Therapy can assist individuals in uncovering the underlying causes of their fears and worries, see situations in less frightening ways, learn the art of relaxation and develop better problem-solving and coping skills. Therapy provides individuals with the tools required to overcome anxiety and provides instruction on how to use them effectively.
Whether you are afflicted with obsessive thoughts, panic attacks, an incapacitating phobia or unrelenting worries, it is vital to understand that you do not have to live with fear and anxiety. Treatment can be of immense assistance and for various anxiety problems, therapy is frequently the most effective alternative. This is because anxiety therapy, in contrast to anxiety medication, treats more than merely the symptoms of the issue.
Anxiety disorders considerably vary and as such, therapy must be tailored to your particular symptoms and subsequent diagnosis. For example, individuals afflicted with obsessive-compulsive disorder will be treated with a different approach in comparison with someone who requires assistance for anxiety attacks. In addition, the duration of therapy will be dependent on the severity and type of the anxiety disorder. However, there are several anxiety therapies that are fairly short-term. The American Psychological Association has reported that many individuals significantly improve in roughly 8 to 10 sessions with an anxiety therapist.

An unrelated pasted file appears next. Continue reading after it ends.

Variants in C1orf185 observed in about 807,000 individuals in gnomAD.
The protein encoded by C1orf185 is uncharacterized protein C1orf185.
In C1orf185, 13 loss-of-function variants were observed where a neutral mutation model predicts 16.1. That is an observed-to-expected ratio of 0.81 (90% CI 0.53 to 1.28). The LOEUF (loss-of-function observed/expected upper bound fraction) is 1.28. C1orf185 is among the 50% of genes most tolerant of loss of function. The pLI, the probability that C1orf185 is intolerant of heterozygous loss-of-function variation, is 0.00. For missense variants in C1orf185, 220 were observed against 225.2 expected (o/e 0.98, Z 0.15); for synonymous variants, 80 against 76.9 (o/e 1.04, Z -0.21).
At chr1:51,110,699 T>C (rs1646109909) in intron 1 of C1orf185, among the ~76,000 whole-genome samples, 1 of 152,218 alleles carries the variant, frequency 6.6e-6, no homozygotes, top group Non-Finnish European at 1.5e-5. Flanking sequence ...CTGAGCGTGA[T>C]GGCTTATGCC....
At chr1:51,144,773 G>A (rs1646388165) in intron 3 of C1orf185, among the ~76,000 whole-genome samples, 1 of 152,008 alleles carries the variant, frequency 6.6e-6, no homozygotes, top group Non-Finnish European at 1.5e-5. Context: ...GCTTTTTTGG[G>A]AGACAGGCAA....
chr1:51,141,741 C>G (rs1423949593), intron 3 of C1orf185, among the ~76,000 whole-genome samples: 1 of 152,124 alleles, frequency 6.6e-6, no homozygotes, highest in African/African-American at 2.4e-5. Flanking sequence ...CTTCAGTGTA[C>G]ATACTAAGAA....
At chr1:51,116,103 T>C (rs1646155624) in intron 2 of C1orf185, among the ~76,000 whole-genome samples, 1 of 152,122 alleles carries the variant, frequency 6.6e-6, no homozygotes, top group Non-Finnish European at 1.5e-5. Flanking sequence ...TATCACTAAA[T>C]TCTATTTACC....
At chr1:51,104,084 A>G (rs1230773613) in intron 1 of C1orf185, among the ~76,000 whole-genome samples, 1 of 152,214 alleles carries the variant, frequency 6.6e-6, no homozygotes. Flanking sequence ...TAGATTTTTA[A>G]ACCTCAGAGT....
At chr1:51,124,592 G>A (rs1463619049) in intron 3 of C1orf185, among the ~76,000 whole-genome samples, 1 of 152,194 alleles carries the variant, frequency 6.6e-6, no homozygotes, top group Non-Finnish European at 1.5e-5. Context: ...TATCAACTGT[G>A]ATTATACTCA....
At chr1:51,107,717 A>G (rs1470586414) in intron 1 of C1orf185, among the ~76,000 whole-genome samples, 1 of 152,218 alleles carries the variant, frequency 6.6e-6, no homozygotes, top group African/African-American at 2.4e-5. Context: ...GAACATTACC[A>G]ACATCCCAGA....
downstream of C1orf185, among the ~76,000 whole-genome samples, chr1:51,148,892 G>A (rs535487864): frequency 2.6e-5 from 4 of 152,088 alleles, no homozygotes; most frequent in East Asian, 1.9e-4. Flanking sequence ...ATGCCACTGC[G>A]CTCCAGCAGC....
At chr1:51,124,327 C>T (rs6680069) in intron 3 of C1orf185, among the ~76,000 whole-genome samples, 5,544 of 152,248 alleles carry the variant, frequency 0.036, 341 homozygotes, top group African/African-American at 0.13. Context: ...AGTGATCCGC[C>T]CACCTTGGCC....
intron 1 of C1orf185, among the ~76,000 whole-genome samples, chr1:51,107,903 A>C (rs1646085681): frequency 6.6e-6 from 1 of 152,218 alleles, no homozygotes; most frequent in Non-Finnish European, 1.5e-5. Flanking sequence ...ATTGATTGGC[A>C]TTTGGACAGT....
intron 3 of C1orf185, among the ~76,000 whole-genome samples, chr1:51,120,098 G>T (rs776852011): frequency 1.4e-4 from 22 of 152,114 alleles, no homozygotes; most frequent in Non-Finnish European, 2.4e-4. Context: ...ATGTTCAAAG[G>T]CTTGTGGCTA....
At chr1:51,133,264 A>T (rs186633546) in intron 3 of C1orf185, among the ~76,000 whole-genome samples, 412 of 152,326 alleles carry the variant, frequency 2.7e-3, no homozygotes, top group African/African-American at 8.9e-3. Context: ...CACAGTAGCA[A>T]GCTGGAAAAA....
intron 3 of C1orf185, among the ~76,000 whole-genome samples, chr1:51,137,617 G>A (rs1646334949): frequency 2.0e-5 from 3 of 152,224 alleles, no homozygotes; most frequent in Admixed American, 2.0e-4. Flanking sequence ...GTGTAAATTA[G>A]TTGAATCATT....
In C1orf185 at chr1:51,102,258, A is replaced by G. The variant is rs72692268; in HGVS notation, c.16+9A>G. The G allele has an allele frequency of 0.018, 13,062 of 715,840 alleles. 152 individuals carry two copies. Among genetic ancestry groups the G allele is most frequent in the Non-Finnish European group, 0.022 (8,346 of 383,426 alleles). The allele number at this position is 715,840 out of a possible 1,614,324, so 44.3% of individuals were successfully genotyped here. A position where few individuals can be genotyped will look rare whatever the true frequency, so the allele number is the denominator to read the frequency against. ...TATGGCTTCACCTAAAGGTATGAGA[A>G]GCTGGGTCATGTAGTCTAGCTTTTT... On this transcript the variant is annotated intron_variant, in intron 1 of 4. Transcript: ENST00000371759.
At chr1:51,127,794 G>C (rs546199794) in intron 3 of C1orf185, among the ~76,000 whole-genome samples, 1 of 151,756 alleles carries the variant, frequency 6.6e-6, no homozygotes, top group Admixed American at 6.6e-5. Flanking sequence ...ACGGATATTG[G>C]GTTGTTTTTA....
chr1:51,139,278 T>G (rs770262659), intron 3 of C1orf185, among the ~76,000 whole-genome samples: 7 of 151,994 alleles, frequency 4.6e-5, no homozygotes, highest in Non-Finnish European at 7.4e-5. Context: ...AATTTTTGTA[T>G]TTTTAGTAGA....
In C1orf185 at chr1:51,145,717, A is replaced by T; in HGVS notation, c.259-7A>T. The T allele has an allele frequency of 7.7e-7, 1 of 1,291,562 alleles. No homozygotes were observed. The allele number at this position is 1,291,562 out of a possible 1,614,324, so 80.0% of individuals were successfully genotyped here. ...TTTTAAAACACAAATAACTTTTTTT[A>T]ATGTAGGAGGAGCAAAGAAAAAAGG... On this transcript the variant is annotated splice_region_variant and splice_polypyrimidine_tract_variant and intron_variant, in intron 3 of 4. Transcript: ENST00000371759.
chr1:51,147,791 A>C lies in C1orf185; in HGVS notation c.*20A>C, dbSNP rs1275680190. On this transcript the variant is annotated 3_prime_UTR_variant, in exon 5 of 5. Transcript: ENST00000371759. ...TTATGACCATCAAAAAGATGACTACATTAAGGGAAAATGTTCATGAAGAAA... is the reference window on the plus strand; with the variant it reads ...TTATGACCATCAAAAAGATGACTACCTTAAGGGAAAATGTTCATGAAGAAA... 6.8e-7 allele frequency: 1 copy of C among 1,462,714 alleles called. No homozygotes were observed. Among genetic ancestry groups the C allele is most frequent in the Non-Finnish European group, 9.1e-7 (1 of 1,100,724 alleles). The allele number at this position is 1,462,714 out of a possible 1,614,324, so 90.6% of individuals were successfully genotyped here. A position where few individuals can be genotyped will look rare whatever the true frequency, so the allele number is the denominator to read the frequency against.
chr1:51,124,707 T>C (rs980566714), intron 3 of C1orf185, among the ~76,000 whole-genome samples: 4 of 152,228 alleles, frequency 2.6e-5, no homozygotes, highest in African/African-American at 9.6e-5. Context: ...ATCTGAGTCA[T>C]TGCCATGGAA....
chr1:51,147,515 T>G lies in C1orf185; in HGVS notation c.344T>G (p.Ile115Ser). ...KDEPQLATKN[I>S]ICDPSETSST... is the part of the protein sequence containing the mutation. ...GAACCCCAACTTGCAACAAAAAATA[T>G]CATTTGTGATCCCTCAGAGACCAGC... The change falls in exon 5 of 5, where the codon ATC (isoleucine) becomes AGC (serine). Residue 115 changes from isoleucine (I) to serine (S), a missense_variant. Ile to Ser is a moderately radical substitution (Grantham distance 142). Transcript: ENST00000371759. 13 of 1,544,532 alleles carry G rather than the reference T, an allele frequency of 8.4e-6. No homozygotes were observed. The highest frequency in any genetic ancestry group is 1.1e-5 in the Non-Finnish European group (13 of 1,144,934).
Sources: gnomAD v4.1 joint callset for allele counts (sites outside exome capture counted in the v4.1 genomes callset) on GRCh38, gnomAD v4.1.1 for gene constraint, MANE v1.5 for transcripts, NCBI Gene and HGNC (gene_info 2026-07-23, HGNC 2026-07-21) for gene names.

A number of different categories of therapy are used for anxiety treatment; however, the primary approaches are exposure therapy and cognitive behavioral therapy. Each therapy applied to treat anxiety may be used by itself or in combination with other forms of therapy. Anxiety therapy might be carried out individually or it could happen in a group of individuals who are having similar anxiety issues. However, the objective is the same: to overcome your fears, calm your mind and lower your anxiety levels.
Exposure Therapy to Treat Anxiety
Anxiety is not an enjoyable sensation; therefore, it is only natural to avoid it whenever possible. One of the ways in which individuals can do this is by avoiding situations that trigger anxiousness. For example, individuals with a fear of heights might drive two additional hours to avoid driving across a tall bridge. For some people, if the prospect of speaking in public leaves their stomach in knots, they could skip their friend’s wedding to avoid giving a toast. Besides the inconvenience factor, the issue with avoiding fears is that the individuals never have the opportunity to overcome them. Actually, avoiding fears typically makes the fears stronger.
As suggested by the name, the anxiety therapist uses exposure therapy to expose individuals to the objects or situations they fear. The concept is that via repeated exposures, the individual will feel a heightened sense of control over the circumstance and the anxiety will diminish. One of two ways is used for the exposure: the anxiety therapist could ask the patient to imagine the frightening situation or it may be confronted in real life. This type of therapy might be used by itself or it could be carried out as an aspect of cognitive behavioral therapy.
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